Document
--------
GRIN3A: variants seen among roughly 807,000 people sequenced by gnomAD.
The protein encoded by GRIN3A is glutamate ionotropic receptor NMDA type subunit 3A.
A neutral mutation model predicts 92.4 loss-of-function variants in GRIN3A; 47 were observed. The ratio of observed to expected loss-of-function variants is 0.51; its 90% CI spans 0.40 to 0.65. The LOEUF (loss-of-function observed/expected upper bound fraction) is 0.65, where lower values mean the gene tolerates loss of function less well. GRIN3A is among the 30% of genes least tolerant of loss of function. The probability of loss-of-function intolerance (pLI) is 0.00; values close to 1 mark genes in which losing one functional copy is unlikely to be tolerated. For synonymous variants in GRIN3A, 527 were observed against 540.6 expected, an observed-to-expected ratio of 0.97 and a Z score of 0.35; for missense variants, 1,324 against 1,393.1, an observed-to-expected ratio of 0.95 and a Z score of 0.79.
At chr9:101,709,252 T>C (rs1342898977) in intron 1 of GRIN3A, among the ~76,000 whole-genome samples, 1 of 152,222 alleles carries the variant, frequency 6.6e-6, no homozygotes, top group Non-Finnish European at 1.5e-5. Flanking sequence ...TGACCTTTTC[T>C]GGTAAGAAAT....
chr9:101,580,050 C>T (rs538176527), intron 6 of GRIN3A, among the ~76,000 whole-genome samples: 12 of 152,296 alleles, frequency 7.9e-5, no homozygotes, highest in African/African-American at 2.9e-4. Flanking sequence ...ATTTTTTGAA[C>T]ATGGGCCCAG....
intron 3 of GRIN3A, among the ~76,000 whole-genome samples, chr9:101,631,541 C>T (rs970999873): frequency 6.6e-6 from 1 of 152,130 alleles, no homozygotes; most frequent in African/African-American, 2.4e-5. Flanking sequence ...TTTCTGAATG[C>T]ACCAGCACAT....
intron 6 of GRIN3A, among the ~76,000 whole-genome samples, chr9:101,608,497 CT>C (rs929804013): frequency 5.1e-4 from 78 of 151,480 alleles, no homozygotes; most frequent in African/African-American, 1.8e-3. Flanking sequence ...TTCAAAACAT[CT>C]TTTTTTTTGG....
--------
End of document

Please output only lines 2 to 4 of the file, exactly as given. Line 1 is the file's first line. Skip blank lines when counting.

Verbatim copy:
The protein encoded by GRIN3A is glutamate ionotropic receptor NMDA type subunit 3A.
A neutral mutation model predicts 92.4 loss-of-function variants in GRIN3A; 47 were observed. The ratio of observed to expected loss-of-function variants is 0.51; its 90% CI spans 0.40 to 0.65. The LOEUF (loss-of-function observed/expected upper bound fraction) is 0.65, where lower values mean the gene tolerates loss of function less well. GRIN3A is among the 30% of genes least tolerant of loss of function. The probability of loss-of-function intolerance (pLI) is 0.00; values close to 1 mark genes in which losing one functional copy is unlikely to be tolerated. For synonymous variants in GRIN3A, 527 were observed against 540.6 expected, an observed-to-expected ratio of 0.97 and a Z score of 0.35; for missense variants, 1,324 against 1,393.1, an observed-to-expected ratio of 0.95 and a Z score of 0.79.
At chr9:101,709,252 T>C (rs1342898977) in intron 1 of GRIN3A, among the ~76,000 whole-genome samples, 1 of 152,222 alleles carries the variant, frequency 6.6e-6, no homozygotes, top group Non-Finnish European at 1.5e-5. Flanking sequence ...TGACCTTTTC[T>C]GGTAAGAAAT....